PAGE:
Eta Carinae

The Wikipedia article of the day for March 12, 2017 is Eta Carinae.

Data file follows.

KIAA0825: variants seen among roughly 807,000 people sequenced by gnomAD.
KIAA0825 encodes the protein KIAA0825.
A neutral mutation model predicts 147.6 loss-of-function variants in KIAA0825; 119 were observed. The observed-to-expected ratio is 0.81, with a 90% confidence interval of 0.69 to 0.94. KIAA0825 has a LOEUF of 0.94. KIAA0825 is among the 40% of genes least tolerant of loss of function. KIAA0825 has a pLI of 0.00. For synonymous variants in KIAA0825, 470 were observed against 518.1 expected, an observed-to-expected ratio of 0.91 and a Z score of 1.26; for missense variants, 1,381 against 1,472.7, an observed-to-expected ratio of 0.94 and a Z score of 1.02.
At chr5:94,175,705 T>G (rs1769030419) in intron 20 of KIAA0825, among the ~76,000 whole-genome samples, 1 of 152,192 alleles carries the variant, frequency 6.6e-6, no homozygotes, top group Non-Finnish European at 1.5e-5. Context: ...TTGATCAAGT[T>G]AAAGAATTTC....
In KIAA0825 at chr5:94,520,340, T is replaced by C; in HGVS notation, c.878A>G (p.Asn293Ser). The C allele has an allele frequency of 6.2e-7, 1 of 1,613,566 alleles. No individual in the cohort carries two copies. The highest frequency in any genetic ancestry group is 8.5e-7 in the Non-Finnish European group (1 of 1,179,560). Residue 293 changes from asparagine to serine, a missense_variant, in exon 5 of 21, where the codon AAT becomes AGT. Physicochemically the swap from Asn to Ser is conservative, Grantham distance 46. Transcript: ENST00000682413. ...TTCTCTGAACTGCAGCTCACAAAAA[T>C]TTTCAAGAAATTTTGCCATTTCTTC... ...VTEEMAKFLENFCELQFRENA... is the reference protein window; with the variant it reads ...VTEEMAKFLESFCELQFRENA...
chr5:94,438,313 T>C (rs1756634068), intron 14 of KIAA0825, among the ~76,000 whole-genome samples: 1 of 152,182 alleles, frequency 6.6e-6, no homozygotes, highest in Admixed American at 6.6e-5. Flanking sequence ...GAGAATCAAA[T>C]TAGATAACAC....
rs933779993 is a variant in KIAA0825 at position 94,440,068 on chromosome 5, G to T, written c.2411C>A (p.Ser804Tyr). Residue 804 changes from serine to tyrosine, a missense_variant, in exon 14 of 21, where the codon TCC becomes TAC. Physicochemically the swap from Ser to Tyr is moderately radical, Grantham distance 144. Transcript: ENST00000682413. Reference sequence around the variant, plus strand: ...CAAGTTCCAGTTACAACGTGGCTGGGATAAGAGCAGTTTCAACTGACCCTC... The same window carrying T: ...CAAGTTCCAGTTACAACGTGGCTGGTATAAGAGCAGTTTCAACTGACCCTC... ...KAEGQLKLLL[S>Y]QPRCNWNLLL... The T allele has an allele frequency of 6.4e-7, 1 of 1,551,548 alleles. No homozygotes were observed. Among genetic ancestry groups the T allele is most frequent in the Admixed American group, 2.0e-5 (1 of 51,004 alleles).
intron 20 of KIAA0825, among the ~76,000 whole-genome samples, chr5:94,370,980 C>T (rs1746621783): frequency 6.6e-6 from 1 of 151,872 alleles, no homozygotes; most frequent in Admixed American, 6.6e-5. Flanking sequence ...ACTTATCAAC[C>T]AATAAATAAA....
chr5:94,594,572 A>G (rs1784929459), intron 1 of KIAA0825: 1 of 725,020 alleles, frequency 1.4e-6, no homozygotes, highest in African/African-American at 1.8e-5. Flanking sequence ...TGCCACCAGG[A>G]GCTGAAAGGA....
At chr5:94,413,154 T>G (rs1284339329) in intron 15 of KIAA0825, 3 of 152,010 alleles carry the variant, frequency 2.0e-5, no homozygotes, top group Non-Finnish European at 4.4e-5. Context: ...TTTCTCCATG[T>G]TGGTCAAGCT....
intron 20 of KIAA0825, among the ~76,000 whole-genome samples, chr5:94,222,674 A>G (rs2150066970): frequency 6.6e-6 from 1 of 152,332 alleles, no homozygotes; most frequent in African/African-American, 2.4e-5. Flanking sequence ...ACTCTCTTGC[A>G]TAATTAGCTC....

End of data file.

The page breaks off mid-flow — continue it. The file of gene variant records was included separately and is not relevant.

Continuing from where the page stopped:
Eta Carinae is a stellar system of at least two stars with a combined luminosity over five million times that of the Sun, around 7500 light-years distant in the constellation Carina. First recorded as a 4th-magnitude star, it brightened considerably beginning in 1837 in an event known as the Great Eruption, becoming the second-brightest star in the sky between 11 and 14 March 1843 before fading well below naked eye visibility. It has been getting brighter again since about 1940, peaking above magnitude 4.5 in 2014. Eta Carinae is always above the horizon south of latitude 30°S, and never visible north of about latitude 30°N. The two main stars of the system orbit each other with a period of 5.54 years. The primary is a peculiar star similar to a luminous blue variable, initially 150–250 times as massive as the Sun but now at least 30 solar masses lighter, and is expected to eventually explode as a supernova. The secondary star is hot and also highly luminous, around 30–80 times as massive as the Sun. The system is heavily obscured by the Homunculus Nebula, material ejected from the primary during the Great Eruption.
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